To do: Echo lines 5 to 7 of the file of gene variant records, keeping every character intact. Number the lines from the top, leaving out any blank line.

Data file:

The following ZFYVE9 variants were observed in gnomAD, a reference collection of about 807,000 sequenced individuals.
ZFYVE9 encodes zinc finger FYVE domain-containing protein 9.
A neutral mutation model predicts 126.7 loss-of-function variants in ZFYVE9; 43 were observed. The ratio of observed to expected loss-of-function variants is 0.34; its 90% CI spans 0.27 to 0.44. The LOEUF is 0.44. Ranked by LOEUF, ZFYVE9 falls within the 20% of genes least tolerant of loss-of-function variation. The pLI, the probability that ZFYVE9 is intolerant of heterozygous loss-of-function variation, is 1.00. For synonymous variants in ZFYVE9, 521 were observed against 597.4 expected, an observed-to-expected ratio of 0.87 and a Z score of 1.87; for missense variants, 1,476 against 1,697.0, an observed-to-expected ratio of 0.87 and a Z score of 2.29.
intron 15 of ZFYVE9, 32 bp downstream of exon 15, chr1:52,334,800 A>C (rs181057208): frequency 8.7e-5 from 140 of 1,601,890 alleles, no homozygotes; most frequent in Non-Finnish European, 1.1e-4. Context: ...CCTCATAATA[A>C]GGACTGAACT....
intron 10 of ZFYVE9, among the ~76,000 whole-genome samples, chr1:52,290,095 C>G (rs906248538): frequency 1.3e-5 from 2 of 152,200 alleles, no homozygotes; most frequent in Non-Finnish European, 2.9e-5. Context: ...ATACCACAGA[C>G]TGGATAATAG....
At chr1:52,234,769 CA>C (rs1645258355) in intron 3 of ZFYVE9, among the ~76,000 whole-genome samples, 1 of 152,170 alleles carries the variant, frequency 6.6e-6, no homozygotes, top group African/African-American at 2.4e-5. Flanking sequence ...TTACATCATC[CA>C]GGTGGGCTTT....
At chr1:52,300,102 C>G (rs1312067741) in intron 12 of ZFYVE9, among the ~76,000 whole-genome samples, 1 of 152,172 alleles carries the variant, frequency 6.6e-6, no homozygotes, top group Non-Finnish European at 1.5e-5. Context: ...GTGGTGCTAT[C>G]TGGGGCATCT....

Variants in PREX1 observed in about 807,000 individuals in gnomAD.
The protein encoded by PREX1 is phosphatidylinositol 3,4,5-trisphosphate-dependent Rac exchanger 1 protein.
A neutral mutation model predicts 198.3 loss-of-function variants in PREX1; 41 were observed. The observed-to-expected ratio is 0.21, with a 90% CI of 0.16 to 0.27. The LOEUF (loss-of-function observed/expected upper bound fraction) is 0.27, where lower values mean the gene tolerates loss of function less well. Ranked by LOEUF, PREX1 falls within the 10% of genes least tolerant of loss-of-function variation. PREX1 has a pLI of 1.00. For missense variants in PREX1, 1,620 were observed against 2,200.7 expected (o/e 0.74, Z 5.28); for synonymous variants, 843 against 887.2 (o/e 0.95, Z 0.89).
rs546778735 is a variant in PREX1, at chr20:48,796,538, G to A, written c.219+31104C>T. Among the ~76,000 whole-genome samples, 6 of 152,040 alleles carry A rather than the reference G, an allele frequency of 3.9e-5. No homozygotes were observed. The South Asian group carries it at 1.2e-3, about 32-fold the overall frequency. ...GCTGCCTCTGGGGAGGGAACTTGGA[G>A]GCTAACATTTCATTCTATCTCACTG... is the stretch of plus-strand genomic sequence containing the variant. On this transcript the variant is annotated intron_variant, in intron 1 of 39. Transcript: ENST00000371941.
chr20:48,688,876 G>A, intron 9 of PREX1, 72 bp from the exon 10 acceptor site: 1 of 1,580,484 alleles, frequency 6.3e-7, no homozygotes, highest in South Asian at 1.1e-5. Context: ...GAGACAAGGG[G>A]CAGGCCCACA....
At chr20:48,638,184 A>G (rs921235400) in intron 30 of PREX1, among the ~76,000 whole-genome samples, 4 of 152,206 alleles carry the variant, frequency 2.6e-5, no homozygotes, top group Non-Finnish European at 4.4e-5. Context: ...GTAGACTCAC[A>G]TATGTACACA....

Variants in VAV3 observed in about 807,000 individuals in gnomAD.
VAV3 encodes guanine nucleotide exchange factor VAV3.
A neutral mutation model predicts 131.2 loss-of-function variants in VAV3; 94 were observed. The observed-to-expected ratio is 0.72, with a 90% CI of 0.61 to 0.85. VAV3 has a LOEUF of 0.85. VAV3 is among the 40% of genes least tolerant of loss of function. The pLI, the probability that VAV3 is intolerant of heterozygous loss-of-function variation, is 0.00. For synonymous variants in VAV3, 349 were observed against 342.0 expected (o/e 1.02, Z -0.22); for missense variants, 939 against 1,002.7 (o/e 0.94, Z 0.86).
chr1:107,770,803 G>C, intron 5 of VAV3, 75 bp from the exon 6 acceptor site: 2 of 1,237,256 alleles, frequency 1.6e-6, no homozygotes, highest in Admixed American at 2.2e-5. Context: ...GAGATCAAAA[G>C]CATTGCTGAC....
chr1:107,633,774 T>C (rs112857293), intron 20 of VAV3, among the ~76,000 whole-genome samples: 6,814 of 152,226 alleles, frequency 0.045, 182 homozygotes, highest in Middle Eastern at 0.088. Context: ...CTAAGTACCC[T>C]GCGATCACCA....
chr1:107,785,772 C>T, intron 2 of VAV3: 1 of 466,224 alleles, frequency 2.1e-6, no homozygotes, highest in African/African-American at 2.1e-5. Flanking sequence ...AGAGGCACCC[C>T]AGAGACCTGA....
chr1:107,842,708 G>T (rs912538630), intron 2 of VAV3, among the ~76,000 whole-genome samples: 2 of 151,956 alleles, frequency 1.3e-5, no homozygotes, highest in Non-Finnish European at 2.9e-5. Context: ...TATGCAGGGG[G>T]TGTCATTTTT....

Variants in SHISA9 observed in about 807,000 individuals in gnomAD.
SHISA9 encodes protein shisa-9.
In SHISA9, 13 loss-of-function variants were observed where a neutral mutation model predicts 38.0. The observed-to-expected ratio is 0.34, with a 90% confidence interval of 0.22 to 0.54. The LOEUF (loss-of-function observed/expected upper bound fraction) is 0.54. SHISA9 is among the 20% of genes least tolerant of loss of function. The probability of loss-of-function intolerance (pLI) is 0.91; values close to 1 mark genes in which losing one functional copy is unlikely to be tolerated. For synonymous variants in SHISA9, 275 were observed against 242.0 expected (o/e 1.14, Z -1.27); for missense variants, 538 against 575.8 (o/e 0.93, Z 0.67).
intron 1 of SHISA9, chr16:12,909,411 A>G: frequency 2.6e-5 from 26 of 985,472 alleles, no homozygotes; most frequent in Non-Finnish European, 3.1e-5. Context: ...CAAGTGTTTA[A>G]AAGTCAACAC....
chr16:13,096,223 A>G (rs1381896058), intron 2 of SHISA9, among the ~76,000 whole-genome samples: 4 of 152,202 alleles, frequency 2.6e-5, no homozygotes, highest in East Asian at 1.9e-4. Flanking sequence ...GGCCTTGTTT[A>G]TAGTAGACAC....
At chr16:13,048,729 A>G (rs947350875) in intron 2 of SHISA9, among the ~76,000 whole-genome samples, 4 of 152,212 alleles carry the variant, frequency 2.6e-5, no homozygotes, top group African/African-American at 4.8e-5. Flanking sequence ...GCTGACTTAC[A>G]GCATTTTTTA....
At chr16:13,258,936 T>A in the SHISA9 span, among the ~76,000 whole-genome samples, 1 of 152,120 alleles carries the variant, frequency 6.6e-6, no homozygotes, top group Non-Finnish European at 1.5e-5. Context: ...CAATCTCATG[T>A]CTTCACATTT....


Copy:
intron 10 of ZFYVE9, among the ~76,000 whole-genome samples, chr1:52,290,095 C>G (rs906248538): frequency 1.3e-5 from 2 of 152,200 alleles, no homozygotes; most frequent in Non-Finnish European, 2.9e-5. Context: ...ATACCACAGA[C>G]TGGATAATAG....
At chr1:52,234,769 CA>C (rs1645258355) in intron 3 of ZFYVE9, among the ~76,000 whole-genome samples, 1 of 152,170 alleles carries the variant, frequency 6.6e-6, no homozygotes, top group African/African-American at 2.4e-5. Flanking sequence ...TTACATCATC[CA>C]GGTGGGCTTT....
At chr1:52,300,102 C>G (rs1312067741) in intron 12 of ZFYVE9, among the ~76,000 whole-genome samples, 1 of 152,172 alleles carries the variant, frequency 6.6e-6, no homozygotes, top group Non-Finnish European at 1.5e-5. Context: ...GTGGTGCTAT[C>G]TGGGGCATCT....